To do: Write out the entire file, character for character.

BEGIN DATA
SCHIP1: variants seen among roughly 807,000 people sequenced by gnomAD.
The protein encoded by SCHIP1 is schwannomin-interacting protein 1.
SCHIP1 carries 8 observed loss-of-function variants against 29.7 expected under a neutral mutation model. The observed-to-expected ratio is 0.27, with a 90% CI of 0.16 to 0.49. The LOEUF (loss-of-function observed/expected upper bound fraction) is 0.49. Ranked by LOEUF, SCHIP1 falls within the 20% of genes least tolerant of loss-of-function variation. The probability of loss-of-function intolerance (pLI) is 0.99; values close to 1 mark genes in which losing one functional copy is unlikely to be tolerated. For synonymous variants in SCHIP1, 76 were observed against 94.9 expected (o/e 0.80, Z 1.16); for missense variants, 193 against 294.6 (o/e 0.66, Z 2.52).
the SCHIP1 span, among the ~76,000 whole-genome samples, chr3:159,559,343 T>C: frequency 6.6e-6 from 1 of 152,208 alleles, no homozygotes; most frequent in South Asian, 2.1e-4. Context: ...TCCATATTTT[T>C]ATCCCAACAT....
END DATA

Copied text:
SCHIP1: variants seen among roughly 807,000 people sequenced by gnomAD.
The protein encoded by SCHIP1 is schwannomin-interacting protein 1.
SCHIP1 carries 8 observed loss-of-function variants against 29.7 expected under a neutral mutation model. The observed-to-expected ratio is 0.27, with a 90% CI of 0.16 to 0.49. The LOEUF (loss-of-function observed/expected upper bound fraction) is 0.49. Ranked by LOEUF, SCHIP1 falls within the 20% of genes least tolerant of loss-of-function variation. The probability of loss-of-function intolerance (pLI) is 0.99; values close to 1 mark genes in which losing one functional copy is unlikely to be tolerated. For synonymous variants in SCHIP1, 76 were observed against 94.9 expected (o/e 0.80, Z 1.16); for missense variants, 193 against 294.6 (o/e 0.66, Z 2.52).
the SCHIP1 span, among the ~76,000 whole-genome samples, chr3:159,559,343 T>C: frequency 6.6e-6 from 1 of 152,208 alleles, no homozygotes; most frequent in South Asian, 2.1e-4. Context: ...TCCATATTTT[T>C]ATCCCAACAT....